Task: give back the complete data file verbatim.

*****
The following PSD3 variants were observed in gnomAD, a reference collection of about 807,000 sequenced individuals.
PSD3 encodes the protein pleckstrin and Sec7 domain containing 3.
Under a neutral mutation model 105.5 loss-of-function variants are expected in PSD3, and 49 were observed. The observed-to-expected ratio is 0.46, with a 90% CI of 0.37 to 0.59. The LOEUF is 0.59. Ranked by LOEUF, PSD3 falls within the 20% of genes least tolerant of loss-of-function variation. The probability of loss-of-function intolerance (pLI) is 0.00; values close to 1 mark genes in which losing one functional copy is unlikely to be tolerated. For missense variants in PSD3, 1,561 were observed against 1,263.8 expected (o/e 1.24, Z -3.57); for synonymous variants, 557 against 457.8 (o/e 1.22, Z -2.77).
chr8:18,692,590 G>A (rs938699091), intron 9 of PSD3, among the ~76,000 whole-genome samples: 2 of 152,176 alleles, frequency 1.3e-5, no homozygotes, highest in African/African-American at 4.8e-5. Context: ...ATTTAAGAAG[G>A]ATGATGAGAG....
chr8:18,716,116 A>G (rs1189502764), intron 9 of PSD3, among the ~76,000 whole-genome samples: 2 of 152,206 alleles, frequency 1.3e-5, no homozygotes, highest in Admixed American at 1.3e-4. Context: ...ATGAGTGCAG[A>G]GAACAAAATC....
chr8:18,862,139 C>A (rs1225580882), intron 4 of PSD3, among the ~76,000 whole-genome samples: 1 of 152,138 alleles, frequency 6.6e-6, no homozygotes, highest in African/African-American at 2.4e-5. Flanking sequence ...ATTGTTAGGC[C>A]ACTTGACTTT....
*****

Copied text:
The following PSD3 variants were observed in gnomAD, a reference collection of about 807,000 sequenced individuals.
PSD3 encodes the protein pleckstrin and Sec7 domain containing 3.
Under a neutral mutation model 105.5 loss-of-function variants are expected in PSD3, and 49 were observed. The observed-to-expected ratio is 0.46, with a 90% CI of 0.37 to 0.59. The LOEUF is 0.59. Ranked by LOEUF, PSD3 falls within the 20% of genes least tolerant of loss-of-function variation. The probability of loss-of-function intolerance (pLI) is 0.00; values close to 1 mark genes in which losing one functional copy is unlikely to be tolerated. For missense variants in PSD3, 1,561 were observed against 1,263.8 expected (o/e 1.24, Z -3.57); for synonymous variants, 557 against 457.8 (o/e 1.22, Z -2.77).
chr8:18,692,590 G>A (rs938699091), intron 9 of PSD3, among the ~76,000 whole-genome samples: 2 of 152,176 alleles, frequency 1.3e-5, no homozygotes, highest in African/African-American at 4.8e-5. Context: ...ATTTAAGAAG[G>A]ATGATGAGAG....
chr8:18,716,116 A>G (rs1189502764), intron 9 of PSD3, among the ~76,000 whole-genome samples: 2 of 152,206 alleles, frequency 1.3e-5, no homozygotes, highest in Admixed American at 1.3e-4. Context: ...ATGAGTGCAG[A>G]GAACAAAATC....
chr8:18,862,139 C>A (rs1225580882), intron 4 of PSD3, among the ~76,000 whole-genome samples: 1 of 152,138 alleles, frequency 6.6e-6, no homozygotes, highest in African/African-American at 2.4e-5. Flanking sequence ...ATTGTTAGGC[C>A]ACTTGACTTT....